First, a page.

16. Chessie System: Railroads in West Virginia. (Submitted on November 20, 2008, by Tom Fuchs of Greenbelt, Maryland.)
17. CSX (MBI Railroad Color History). (Submitted on November 20, 2008, by Tom Fuchs of Greenbelt, Maryland.)
18. The C & O Canal Companion. (Submitted on November 20, 2008, by Tom Fuchs of Greenbelt, Maryland.)
19. The Chesapeake and Ohio Canal (Images of America). (Submitted on November 20, 2008, by Tom Fuchs of Greenbelt, Maryland.)
20. The Great National Project: A History of the Chesapeake and Ohio Canal. (Submitted on November 20, 2008, by Tom Fuchs of Greenbelt, Maryland.)
21. Chesapeake and Ohio Canal: A Guide to Chesapeake and Ohio Canal Historic Park. (Submitted on November 20, 2008, by Tom Fuchs of Greenbelt, Maryland.)
22. Towpath Guide to the Chesapeake and Ohio Canal. (Submitted on November 20, 2008, by Tom Fuchs of Greenbelt, Maryland.)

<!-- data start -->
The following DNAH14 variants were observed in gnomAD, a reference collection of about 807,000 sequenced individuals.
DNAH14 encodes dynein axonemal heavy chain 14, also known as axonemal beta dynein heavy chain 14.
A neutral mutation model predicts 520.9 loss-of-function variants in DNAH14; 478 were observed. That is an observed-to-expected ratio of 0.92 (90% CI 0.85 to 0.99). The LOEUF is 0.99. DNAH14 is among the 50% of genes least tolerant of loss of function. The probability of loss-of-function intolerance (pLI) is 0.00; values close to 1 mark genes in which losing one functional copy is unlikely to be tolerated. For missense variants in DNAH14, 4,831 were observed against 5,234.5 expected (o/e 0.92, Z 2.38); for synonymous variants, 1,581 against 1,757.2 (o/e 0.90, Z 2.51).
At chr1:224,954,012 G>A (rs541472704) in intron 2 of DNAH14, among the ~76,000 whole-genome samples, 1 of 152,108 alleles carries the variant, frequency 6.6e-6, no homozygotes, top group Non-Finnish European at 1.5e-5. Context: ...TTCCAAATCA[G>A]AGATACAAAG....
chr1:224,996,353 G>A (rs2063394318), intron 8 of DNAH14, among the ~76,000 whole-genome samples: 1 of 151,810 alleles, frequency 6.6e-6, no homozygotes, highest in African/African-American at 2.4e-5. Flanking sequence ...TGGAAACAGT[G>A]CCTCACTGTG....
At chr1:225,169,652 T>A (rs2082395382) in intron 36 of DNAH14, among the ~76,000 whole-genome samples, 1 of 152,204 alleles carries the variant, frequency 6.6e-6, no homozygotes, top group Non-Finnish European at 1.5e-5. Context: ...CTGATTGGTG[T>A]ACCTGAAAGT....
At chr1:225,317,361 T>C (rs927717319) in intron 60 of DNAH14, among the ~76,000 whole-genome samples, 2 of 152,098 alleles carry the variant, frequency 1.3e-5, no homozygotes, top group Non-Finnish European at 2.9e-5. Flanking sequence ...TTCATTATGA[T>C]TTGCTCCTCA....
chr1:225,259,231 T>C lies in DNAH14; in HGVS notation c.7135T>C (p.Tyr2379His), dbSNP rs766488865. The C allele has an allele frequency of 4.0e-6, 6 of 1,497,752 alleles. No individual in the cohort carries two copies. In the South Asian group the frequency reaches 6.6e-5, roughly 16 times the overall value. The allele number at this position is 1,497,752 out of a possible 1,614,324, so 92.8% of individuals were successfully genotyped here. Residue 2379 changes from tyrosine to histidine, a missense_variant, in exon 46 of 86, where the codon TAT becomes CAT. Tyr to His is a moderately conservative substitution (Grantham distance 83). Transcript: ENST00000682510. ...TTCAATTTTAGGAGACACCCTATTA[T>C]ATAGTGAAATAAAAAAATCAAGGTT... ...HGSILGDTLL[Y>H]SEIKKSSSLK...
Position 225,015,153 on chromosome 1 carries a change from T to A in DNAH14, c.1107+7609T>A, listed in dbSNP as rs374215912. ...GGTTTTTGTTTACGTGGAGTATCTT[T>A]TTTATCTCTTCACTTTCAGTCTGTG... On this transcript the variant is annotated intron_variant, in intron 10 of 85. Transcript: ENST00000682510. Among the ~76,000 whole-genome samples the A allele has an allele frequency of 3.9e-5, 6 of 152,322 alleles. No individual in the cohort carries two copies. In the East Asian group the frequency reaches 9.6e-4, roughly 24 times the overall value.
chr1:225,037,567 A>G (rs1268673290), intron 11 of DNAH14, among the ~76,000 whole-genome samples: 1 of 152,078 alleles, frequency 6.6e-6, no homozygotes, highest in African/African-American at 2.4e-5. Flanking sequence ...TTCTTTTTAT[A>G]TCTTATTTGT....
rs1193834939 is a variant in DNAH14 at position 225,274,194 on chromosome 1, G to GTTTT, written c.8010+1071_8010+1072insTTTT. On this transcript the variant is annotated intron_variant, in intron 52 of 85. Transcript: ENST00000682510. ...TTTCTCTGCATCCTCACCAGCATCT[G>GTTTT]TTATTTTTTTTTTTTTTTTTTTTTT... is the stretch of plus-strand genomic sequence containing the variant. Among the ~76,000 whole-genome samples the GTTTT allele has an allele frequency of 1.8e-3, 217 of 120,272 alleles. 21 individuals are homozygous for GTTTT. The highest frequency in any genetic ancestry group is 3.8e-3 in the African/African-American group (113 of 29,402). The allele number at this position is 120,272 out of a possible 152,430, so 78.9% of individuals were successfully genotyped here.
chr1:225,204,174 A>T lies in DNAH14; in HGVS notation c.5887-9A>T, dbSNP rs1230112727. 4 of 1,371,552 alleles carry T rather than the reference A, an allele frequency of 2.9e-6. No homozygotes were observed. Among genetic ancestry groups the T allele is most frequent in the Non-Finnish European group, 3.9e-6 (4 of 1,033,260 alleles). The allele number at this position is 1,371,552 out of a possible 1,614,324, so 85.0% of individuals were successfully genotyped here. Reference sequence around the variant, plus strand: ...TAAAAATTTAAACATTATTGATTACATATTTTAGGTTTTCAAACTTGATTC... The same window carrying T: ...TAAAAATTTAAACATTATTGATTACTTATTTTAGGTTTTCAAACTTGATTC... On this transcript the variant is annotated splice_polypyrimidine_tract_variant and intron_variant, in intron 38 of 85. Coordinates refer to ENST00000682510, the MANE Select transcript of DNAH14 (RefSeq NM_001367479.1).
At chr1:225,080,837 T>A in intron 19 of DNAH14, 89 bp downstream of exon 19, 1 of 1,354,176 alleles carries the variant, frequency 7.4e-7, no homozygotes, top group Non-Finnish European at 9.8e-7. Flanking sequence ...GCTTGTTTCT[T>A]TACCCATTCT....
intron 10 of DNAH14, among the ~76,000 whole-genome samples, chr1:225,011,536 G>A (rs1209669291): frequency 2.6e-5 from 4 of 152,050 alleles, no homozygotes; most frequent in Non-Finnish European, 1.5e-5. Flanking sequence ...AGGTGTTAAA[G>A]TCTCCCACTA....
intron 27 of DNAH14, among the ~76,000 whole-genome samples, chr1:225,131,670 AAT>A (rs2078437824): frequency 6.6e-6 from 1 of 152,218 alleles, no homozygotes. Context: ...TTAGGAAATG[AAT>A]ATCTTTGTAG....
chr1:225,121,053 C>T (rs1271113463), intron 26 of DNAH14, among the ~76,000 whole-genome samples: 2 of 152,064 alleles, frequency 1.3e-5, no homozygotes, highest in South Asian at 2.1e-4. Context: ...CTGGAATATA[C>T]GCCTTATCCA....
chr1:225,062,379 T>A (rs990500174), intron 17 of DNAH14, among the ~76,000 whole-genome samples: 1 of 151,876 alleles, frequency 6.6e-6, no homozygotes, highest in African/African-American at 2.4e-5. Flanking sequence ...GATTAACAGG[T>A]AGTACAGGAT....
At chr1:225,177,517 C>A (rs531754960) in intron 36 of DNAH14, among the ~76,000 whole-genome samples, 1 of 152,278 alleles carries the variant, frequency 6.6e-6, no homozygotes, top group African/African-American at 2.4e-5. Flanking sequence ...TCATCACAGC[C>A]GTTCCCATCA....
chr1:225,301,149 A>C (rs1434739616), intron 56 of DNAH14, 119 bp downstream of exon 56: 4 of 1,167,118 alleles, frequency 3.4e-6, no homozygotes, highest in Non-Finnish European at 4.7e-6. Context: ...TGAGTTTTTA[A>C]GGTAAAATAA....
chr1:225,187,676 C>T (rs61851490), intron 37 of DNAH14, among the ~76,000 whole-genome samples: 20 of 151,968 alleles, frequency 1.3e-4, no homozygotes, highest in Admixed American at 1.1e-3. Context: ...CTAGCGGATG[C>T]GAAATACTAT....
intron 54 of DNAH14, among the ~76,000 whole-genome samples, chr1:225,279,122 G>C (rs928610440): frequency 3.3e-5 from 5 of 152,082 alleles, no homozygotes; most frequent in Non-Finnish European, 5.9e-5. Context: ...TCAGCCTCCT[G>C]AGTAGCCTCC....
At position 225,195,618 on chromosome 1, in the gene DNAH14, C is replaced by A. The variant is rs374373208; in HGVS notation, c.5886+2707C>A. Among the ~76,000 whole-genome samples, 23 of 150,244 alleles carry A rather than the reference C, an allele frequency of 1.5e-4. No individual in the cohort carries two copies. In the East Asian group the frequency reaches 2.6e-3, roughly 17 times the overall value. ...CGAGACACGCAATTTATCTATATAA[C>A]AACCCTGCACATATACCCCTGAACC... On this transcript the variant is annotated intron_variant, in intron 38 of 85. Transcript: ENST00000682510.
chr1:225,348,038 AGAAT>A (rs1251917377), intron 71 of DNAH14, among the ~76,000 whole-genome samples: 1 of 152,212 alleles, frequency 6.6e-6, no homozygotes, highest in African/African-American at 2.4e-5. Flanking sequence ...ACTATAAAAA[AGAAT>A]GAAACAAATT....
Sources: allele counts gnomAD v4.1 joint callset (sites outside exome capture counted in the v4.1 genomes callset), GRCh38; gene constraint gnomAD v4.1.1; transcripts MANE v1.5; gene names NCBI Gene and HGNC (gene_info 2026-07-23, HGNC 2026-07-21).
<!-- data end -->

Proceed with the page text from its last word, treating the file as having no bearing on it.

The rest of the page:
23. Life on the Chesapeake and Ohio Canal 1859. (Submitted on November 20, 2008, by Tom Fuchs of Greenbelt, Maryland.)
24. Single-Span Aqueducts, Chesapeake and Ohio Canal National Historic Park (Historic Structures Report). (Submitted on November 20, 2008, by Tom Fuchs of Greenbelt, Maryland.)
25. The Chesapeake and Ohio Canal: Pathway to the Nation's Capital. (Submitted on November 20, 2008, by Tom Fuchs of Greenbelt, Maryland.)
 
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Remains of the Chesapeake and Ohio Canal image. Click for full size.
By Bill Pfingsten, September 26, 2008
3. Remains of the Chesapeake and Ohio Canal
Canal is on the Maryland side of the Potomac River. The railroad bridge has a walkway allowing visitors to cross the Potomac.
 
 
Credits. This page originally submitted on , by Bill Pfingsten of Bel Air, Maryland. This page has been viewed 1,156 times since then and 3 times this year. Photos:   1. submitted on , by Bill Pfingsten of Bel Air, Maryland.   2. submitted on , by Craig Swain of Leesburg, Virginia.   3. submitted on , by Bill Pfingsten of Bel Air, Maryland. This page was last revised on June 16, 2016.